So there's four barrel rooms. Barrels for aging and during harvest some will be doing secondary fermentation. It needs to be 65 degrees in here. The real aging difference. [indistinguishable] travel between the barrel rooms without being outside. [INDISTINGUISHABLE 0:41:51]

When will you start production?
Harvest.

So September, October?
Yeah. I'm a winemaker. I ferment, press, barrel. That's what I do. I don't build buildings and this other stuff, but apparently I do. I've never built a building this size.

Are you working with an architect that you've worked with before?
Yeah, Tom Kundig. We did my big place in Walla Walla with him. The office and taste room there. This is also based on the experience of wine making. They don't design wineries for the engineering part. We use ourselves, our knowledge and work with engineers. Crazy, huh?

Yeah, man. It's an interesting mix of urban-industrial and this rustic, artisanal product.
And it's in a cool room! Obviously this will be better in a couple weeks when we're in full gear. All the racks are going, we're getting black racks. We're moving stuff in right now, we'll worry about that once it's moved in, because there's still construction going on. When you come back in three or four weeks, you'll be like, Aaaah!

What's the budget?
Oh god. I'd say about $8 million, including the land

Do you own the land and the building?
Yeah. But I'm the state's largest independent producer. [We ascend steps above production space.] Up here you can sort of get a perspective. Same level as the vats. That's pretty cool. 

You'll be doing tours for the public? Or the windows in the tasting room are as close as they'll be able to get?
There'll be opportunites for people to visit, but it'll be on a person-by-person basis. This is our working area. It's not like you can't come in here, but you can't just wander in. But we're working heavy equipment, we're focusing. We don't mind people watching. We think it's cool.

You mentioned the black and white pallette and huge number of different varieties of wine. It seems like branding and naming has been really critical in your success.
It's one aspect of it, because if you want to grant access to your wine you got to give people something they can see and recognize and repeat. They can't repeat it, you can't build it. I'm a traditional winemaker. I make traditional, classic-style wine, but communication is modern. I didn't start my winery in the 1800s, I started my winery in the 1990s. The communication is contemporary, but the wine is timeless. I don't consider myself an artist, but what we do is artisanal. It's handmade. When science happens, the idea is we're looking at how you can take wine with emotion and nuances and instinct. And at they very end it's a bottle of wine, but does that bottle of wine satisfy you because you're thirsty and it's a hot day, it's the Charles & Charles rosé? Is it the middle of winter and you have a 10-year-old bottle of red,  you've got some kind of roasted meat thing, you're sitting with four friends and it's candlelight and it's 30 degrees outside and you have a beautiful big glass of dark unctious wine. That's a different thing and they're both equally beautiful.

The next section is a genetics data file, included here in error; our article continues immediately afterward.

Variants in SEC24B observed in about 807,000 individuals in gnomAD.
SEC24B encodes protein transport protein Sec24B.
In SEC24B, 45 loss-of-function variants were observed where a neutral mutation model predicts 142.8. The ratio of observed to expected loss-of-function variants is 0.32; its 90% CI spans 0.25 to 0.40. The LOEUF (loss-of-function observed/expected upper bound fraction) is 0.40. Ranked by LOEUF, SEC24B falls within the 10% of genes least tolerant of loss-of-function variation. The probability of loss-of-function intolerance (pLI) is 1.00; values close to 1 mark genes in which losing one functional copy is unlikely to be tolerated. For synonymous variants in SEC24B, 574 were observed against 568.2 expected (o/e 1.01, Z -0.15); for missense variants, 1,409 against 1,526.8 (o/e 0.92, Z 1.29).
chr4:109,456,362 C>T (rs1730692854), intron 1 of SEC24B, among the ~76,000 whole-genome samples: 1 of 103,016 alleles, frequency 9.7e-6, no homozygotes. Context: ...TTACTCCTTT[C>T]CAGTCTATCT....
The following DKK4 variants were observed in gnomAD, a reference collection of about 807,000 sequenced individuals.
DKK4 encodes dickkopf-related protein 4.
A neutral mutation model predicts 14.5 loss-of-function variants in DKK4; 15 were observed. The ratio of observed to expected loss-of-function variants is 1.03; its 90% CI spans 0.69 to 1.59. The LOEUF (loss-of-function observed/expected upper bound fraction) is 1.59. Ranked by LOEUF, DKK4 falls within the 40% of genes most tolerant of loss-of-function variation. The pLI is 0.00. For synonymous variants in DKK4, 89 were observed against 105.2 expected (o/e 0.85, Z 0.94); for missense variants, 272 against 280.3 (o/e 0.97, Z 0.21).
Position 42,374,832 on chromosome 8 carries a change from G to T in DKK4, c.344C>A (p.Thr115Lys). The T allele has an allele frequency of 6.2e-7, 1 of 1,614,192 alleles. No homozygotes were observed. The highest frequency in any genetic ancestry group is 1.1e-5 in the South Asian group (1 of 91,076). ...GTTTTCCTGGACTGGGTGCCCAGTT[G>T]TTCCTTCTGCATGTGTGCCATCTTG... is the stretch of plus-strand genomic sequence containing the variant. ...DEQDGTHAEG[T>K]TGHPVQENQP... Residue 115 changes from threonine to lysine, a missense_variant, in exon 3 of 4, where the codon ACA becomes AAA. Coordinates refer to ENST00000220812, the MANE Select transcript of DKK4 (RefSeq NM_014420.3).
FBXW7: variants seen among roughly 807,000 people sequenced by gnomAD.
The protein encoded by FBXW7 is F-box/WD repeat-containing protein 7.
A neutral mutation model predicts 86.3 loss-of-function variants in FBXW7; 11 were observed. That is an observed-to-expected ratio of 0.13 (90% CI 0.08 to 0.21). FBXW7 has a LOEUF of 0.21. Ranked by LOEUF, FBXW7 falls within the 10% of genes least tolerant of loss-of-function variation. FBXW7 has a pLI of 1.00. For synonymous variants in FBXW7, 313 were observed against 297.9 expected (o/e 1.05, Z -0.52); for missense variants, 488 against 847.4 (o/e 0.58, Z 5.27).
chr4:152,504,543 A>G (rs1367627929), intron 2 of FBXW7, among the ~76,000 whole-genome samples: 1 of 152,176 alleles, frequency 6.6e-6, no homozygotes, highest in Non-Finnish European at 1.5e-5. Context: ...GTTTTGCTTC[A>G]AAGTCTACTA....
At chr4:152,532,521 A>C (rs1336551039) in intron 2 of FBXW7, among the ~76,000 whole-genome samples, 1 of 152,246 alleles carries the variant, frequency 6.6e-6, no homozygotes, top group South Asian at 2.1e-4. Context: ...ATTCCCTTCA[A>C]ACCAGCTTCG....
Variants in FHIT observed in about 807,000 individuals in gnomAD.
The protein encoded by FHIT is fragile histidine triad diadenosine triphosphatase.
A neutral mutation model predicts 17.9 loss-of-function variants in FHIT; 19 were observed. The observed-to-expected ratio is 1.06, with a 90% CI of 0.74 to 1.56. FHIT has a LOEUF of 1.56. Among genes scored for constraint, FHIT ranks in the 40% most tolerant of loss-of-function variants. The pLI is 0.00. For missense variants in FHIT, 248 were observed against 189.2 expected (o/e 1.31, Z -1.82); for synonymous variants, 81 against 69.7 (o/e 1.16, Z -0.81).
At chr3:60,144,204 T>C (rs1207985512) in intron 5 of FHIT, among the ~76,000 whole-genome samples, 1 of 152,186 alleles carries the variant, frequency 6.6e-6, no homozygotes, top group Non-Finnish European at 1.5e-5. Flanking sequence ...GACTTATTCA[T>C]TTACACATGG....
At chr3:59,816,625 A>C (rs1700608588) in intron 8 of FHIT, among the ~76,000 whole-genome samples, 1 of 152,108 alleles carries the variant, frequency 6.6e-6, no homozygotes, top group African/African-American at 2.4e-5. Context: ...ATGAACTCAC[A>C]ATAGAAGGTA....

You guys are going to build a stage in here for next Monday? So Mudhoney can play. You friends with the Sub Pop guys?
What I'm doing is in line with things Sub Pop probably interested in, is just creating something. Having Mudhoney play. Fuck, it's Mudhoney, come on. What can you say about that? Bruce Pavitt, he starts Sub Pop, how many great albums has Sub Pop put out? There you go. Here I am in Seattle with my winery, it makes sense. The idea is this whole floor space here is for fermentation. If I'm not doing that it's 7,200 sq ft. It's nearly the size of the Showbox.

Are parties and shows part of the game plan?
No. I'm not a concert hall, but there will be concerts. I'm not a restaurant, but there's a kitchen. I'm not fully committed to doing it or not doing, but most likely there will be. We'll have our official grand opening on August 12. I'm going to book somebody absolutely legendary for that event. Jerry Lee Lewis. The Killer. He turns 80 years old in October and he's only doing three shows in America. This is one of them and it's invite only. And our pre-opening is this. We're not a concert hall, but Jerry Lee Lewis. C'mon. 

All these trusses, they're gonna be lit all the way across. I can change the colors on it, I can even run it on a sequence. But the idea is that the whole room could be backlit with some faint lighting in the barrel room. It's gonna be kind of dramatic, kind of punk rock, kind of beautiful. The bottom line is I make wine. And I imagine people will come here to discover what I'm doing.

This place will be a magnet. I think people will be looking for something like this. It seems like an honest mix of wine making and your personality.
This is my life, this is my place. I'm not getting somebody else's place.

Can we call this your life's work?
Wine is my life's work and this is a period in my life.

It seems like a pretty majore culmination.
It's pretty much everything come down to this moment. When I had my child—I have a little girl named Charlotte, she'll be three in August—my whole life was preparing me to have her. When it comes to wine I think the whole thing lead to this moment. This is it. I never wanted anything that happened in the wine world, it just kind of happened. All of a sudden, here I am. I never planned on having Charlotte and I have Charlotte and I couldn't imagine life without her. And I didn't plan any of this, but all of a sudden here I am and I can't imagine anything more than this. This is all I want. I didn't even know I wanted it. This is amazing. I'm a very lucky guy. Come on. $5,000 and Astro Van and you have this sixteen years later. First wine was 1999's Walla Walla Valley Syrah, co-production 330 cases from the winery was released on December 2, 2001. And here we are. 

Wow.
No shit. This is not a pinch. This is full-steam into a concrete wall. If you wake up on the ground it's real.